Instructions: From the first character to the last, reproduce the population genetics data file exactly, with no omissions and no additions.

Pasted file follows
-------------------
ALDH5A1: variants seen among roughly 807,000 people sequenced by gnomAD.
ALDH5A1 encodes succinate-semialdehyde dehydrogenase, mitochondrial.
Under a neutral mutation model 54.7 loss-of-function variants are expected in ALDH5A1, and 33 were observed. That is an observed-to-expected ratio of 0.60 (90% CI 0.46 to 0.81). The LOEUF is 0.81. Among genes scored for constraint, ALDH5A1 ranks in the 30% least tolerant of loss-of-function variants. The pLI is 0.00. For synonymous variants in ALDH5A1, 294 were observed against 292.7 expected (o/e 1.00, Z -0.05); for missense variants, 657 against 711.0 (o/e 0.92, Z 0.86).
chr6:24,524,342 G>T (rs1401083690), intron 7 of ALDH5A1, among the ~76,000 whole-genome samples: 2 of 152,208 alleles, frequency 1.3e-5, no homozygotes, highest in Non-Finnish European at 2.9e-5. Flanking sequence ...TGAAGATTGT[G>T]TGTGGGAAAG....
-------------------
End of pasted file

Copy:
ALDH5A1: variants seen among roughly 807,000 people sequenced by gnomAD.
ALDH5A1 encodes succinate-semialdehyde dehydrogenase, mitochondrial.
Under a neutral mutation model 54.7 loss-of-function variants are expected in ALDH5A1, and 33 were observed. That is an observed-to-expected ratio of 0.60 (90% CI 0.46 to 0.81). The LOEUF is 0.81. Among genes scored for constraint, ALDH5A1 ranks in the 30% least tolerant of loss-of-function variants. The pLI is 0.00. For synonymous variants in ALDH5A1, 294 were observed against 292.7 expected (o/e 1.00, Z -0.05); for missense variants, 657 against 711.0 (o/e 0.92, Z 0.86).
chr6:24,524,342 G>T (rs1401083690), intron 7 of ALDH5A1, among the ~76,000 whole-genome samples: 2 of 152,208 alleles, frequency 1.3e-5, no homozygotes, highest in Non-Finnish European at 2.9e-5. Flanking sequence ...TGAAGATTGT[G>T]TGTGGGAAAG....